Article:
One-week 'challenge' is justa a taste of hunger reality
"For I was hungry and you gave me something to eat, I was thirsty and you gave me something to drink..."
- Matthew 25:35
No matter what one's faith may be, Thanksgiving weekend is the time to count one's blessings and reflect on the many things for which we can be thankful.
Near the top of my list is the fact that I don't have to stretch $23 into a week's worth of groceries again.
I participated last week in the Food Stamp Challenge, a project aimed at raising awareness of, and empathy for, people who live on the government's average allotment to food stamp recipients.
I can tell you this: It doesn't go very far.
With a budget of $1.09 per meal, or $3.28 per day, you can buy the essentials and not much more.
In my one very brief trip to the grocery store, I counted the pennies for each item. With careful planning and some hard decisions, I managed to buy 21 meals for $23.
It turned out to be a week of doing without.
No juice. No Diet Coke. No coffee. No English muffins. No dessert. No bottled water.
When your week's grocery bill is about equal to the price of a single meal at a good restaurant, you've got to skip many things you take for granted.
My only "indulgences" were four bananas (I prefer apples, but they were too expensive), a few bowls of popcorn (cooked on the stove, not the prepackaged microwave stuff), off-brand pretzels, and two packets of cherry Kool-Aid.
I'm not even going to analyze the nutrition - or lack of - in such a diet.
As the Rev. Steve Anthony of Toledo Area Ministries said, it's not hard to buy food that will fill you up, but it's a challenge to eat healthfully at $1.09 per meal.
Meanwhile, the statistics on hunger continue to be alarmingly high.
Bread for the World, a faith-based organization, reported last week that 11.1 percent of all Americans are "food insecure," or uncertain where their next meal is coming from.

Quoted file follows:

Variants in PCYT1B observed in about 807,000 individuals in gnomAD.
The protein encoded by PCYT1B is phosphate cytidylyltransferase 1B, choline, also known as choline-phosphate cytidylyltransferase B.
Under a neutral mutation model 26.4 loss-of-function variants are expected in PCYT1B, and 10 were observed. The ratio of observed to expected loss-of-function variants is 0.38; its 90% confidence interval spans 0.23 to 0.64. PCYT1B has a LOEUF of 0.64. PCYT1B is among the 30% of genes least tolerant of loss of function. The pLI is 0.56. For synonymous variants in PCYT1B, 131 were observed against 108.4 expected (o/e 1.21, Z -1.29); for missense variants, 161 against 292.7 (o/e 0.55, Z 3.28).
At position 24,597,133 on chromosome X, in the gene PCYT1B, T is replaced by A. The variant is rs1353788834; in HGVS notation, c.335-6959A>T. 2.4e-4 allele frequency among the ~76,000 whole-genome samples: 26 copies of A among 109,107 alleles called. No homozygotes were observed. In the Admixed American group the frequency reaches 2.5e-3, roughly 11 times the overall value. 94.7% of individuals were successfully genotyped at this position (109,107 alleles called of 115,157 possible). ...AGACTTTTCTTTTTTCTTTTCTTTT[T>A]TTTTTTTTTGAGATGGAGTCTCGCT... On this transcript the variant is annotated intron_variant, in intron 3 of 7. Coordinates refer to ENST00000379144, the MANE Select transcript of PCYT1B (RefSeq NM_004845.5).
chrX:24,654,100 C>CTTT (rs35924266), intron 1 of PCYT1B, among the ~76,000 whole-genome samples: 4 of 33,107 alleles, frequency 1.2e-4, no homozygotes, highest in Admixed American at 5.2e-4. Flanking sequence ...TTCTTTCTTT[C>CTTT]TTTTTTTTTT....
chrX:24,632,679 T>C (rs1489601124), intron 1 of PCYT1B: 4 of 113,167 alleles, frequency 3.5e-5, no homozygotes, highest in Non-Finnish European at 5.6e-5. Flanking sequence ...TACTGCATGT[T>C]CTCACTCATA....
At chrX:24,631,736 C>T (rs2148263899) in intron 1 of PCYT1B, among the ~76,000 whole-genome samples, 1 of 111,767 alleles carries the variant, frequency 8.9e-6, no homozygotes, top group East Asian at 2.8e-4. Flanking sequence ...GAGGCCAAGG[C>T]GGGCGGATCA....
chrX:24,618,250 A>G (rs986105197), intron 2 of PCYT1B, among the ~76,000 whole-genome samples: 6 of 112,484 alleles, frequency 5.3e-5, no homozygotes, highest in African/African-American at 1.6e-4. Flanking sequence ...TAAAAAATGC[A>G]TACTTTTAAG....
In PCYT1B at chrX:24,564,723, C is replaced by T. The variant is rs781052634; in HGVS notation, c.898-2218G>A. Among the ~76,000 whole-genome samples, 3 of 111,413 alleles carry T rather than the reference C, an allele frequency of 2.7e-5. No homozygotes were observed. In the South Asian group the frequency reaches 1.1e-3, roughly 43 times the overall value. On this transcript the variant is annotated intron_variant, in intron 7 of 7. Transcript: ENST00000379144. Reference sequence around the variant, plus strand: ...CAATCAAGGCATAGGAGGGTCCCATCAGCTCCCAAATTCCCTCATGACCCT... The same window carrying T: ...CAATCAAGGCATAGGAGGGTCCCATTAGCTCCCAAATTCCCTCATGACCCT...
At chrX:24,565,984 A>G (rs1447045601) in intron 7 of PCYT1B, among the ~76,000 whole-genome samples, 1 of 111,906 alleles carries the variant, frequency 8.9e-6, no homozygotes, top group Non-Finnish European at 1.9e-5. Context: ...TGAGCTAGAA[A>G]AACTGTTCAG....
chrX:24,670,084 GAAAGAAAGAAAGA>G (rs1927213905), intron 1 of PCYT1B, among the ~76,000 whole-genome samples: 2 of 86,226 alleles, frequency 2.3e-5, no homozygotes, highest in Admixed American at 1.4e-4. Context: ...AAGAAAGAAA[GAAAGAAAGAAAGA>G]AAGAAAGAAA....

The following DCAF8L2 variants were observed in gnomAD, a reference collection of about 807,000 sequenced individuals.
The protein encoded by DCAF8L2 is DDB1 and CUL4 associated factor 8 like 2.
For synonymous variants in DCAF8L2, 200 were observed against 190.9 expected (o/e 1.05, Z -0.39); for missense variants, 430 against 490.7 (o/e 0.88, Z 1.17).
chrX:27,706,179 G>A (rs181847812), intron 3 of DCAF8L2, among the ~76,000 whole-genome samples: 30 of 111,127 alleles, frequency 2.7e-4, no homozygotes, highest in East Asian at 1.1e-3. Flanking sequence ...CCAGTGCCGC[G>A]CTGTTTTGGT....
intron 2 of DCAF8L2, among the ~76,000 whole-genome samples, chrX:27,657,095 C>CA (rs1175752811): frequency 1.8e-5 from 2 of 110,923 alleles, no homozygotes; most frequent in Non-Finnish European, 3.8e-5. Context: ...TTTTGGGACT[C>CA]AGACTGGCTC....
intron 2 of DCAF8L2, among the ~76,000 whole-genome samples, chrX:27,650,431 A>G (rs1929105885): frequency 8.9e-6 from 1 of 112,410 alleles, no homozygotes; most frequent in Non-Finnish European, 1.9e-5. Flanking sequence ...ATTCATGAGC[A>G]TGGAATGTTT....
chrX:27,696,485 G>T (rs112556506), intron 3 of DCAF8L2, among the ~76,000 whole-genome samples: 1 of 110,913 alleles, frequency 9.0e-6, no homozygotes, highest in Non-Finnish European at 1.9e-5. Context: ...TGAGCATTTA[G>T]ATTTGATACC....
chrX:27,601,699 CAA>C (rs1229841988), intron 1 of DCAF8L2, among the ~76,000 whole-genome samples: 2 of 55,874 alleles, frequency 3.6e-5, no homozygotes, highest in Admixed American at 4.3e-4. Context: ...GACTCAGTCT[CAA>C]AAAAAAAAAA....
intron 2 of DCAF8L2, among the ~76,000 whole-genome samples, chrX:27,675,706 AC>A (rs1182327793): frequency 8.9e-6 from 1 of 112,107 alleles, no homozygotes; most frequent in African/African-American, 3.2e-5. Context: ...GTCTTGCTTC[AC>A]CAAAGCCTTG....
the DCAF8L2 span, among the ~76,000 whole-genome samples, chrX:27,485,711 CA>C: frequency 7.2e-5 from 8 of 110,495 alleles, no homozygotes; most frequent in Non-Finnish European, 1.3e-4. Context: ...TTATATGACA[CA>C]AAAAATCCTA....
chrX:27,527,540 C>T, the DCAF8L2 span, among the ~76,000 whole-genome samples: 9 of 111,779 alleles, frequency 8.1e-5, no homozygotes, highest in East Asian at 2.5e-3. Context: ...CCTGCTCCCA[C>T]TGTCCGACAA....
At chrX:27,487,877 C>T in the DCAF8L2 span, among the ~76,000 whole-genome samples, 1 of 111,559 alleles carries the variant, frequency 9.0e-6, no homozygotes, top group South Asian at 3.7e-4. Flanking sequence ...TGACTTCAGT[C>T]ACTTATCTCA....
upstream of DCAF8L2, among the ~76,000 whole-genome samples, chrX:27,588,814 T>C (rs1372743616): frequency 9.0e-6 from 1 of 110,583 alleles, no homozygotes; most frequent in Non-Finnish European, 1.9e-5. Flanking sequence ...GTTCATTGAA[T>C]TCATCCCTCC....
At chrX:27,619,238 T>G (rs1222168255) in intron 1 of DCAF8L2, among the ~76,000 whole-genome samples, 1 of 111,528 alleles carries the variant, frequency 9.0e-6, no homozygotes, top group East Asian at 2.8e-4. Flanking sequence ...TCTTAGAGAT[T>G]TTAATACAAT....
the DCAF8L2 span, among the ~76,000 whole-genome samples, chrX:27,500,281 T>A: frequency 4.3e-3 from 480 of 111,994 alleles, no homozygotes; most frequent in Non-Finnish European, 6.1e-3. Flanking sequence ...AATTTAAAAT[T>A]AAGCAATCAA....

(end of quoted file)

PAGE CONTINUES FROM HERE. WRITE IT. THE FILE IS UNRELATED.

In Ohio, 540,411 households are on food stamps - 7.6 percent more than last year, and in Lucas County, 72,000 families receive food stamps.
Feed Your Neighbor, a local outreach of Toledo Area Ministries, distributed emergency supplies of groceries to 7,500 people in October.
After experiencing the Food Stamp Challenge, I look at these numbers differently today. They seem to leap off the page and hit me right in the gut.
As Bishop Katharine Jefferts Schori, head of the Episcopal Church, said so eloquently, "We cannot speak much in the way of good news to people who are starving or dying of preventable diseases. We must begin by doing good news with those who are most vulnerable."
The Rev. Jim Wallis of Sojourners: Christians for Justice and Peace recently said that 30,000 children die of starvation every day around the globe.
I realize the Food Stamp Challenge is a misnomer in one respect: Recipients don't use stamps anymore, they use cards that looks like credit or debit cards. But the word "challenge" is painfully accurate
While I was struggling through the week, however, I knew I was only going to do it for seven days. For too many people, living on a $23 grocery budget isn't a seven-day test, it's a way of life.
The challenge, organized locally by Toledo Area Ministries and the Lucas County Hunger Task Force, can be undertaken any time by any individual, group, or organization.
If local churches, synagogues, mosques, temples, and faith-based organizations gave it a try, it would greatly raise awareness of this urgent problem. On a pragmatic level, the money participants save on groceries could be donated to food banks or hunger-relief agencies.
More information is available from Toledo Area Ministries at TamOhio.org or 419-242-7401.
The more that people realize the extent and impact of hunger, the better the chance that fewer individuals and families in our community will have to go to bed with empty stomachs.